The situation is dire, and trans people in Florida are desperate. “Oh my God, it’s horrible,” said Andrea Montañez, an LGBTQ immigration organizer at the Hope Community Center in Orlando, which hosted an event on International Transgender Day of Visibility in March held by Health and Human Services Secretary Xavier Becerra. “You don’t wanna surrender,” Montañez said. “It’s so hard to wake up every day and try to justify my life or open the news: What is new against me today, again?”

Becerra spent the event meeting with trans kids, their families and survivors of the 2014 Pulse Nightclub shooting. President Joe Biden’s administration, along with several liberal-leaning state legislatures that have passed trans refuge laws for people fleeing government persecution in red states, has been a vocal ally of the trans community. “We want to make sure that wherever Americans are, including trans Americans, we’re making sure that we make it clear that health care is your right and we’re going to fight to enforce and make sure you get that right,” Becerra told me that day. 

DeSantis’ approach with the Florida Health Department shows that thinking ahead pays off politically.

Of course, the Florida Legislature is a culprit as well, and anti-trans executive actions aren’t unique to Florida; Texas Attorney General Ken Paxton infamously ordered the state’s Department of Family and Child Protective Services to investigate all parents providing gender-affirming care to adolescents as child abuse in 2022. Missouri’s recent consumer protection law proposes to restrict transition care for all people, including adults.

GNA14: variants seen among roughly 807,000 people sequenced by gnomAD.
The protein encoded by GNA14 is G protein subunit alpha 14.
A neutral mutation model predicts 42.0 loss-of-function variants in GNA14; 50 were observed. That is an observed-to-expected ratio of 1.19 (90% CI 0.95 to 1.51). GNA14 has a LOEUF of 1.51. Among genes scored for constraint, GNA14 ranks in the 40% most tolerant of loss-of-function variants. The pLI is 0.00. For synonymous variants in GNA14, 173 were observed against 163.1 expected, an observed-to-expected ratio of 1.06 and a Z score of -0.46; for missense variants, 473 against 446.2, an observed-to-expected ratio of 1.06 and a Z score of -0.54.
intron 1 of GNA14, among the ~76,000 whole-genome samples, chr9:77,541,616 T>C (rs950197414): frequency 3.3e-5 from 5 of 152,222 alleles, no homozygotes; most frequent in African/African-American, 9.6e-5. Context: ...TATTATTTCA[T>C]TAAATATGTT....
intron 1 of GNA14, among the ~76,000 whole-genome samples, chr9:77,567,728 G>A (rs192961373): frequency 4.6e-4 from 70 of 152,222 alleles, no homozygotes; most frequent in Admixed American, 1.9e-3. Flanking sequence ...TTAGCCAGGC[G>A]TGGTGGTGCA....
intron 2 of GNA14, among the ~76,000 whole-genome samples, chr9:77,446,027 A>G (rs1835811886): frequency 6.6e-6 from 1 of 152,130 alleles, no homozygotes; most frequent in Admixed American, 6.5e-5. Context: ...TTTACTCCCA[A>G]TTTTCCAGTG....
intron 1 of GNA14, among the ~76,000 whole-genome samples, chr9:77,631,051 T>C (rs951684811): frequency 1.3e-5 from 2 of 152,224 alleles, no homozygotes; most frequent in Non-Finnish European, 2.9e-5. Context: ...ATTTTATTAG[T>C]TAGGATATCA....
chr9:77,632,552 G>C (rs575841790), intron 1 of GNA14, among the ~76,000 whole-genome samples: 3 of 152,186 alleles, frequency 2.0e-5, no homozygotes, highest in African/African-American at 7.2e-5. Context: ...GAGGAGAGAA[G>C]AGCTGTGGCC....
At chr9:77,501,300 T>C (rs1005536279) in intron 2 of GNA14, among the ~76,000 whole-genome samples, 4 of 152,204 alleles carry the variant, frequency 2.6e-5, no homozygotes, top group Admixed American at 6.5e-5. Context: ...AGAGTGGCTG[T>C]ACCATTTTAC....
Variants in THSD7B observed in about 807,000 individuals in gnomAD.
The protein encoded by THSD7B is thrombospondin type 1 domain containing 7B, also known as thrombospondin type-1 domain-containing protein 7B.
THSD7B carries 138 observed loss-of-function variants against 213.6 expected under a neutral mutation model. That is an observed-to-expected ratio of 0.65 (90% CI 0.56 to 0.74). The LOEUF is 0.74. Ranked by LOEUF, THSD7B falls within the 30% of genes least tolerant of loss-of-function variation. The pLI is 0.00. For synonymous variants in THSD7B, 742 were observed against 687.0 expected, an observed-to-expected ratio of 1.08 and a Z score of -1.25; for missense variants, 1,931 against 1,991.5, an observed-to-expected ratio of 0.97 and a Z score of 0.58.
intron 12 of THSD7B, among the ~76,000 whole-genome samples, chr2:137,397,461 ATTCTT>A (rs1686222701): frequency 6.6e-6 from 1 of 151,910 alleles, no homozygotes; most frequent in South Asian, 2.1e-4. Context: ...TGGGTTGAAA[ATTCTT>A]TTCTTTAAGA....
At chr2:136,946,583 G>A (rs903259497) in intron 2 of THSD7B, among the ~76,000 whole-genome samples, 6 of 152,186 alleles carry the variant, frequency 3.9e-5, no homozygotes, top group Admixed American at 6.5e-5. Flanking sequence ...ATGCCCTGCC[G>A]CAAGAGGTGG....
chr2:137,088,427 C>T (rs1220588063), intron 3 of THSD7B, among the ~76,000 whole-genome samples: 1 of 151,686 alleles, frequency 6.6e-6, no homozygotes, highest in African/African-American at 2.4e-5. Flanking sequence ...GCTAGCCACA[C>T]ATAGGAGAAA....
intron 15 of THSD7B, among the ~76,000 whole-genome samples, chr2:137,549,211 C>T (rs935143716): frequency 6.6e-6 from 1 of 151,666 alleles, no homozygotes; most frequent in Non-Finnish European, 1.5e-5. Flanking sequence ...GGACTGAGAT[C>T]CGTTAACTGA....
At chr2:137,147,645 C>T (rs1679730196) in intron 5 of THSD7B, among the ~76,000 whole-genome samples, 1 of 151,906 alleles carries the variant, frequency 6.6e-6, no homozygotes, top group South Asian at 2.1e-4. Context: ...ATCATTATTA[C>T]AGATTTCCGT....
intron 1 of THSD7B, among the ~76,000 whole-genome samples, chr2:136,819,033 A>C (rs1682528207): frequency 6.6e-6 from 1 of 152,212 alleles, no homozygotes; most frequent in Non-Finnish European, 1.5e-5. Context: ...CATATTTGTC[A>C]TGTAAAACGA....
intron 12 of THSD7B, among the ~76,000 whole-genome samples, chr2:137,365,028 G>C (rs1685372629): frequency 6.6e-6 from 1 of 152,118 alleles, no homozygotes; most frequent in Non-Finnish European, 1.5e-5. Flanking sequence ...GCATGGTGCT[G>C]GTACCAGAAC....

Biden and Becerra’s HHS have actually shown themselves to be good at listening to the plights of red-state trans people. But while Biden has consistently told us that he “has trans people’s backs,” it’s often appeared difficult for his administration to back those words with actions. Beyond listening parties and sympathetic sentiment, how much is the administration willing to do?

Case in point: Less than a week after Becerra’s Orlando event, the Biden administration introduced what it labeled a “compromise” that potentially opens the door to allow schools to choose which sports ban trans kids from participating.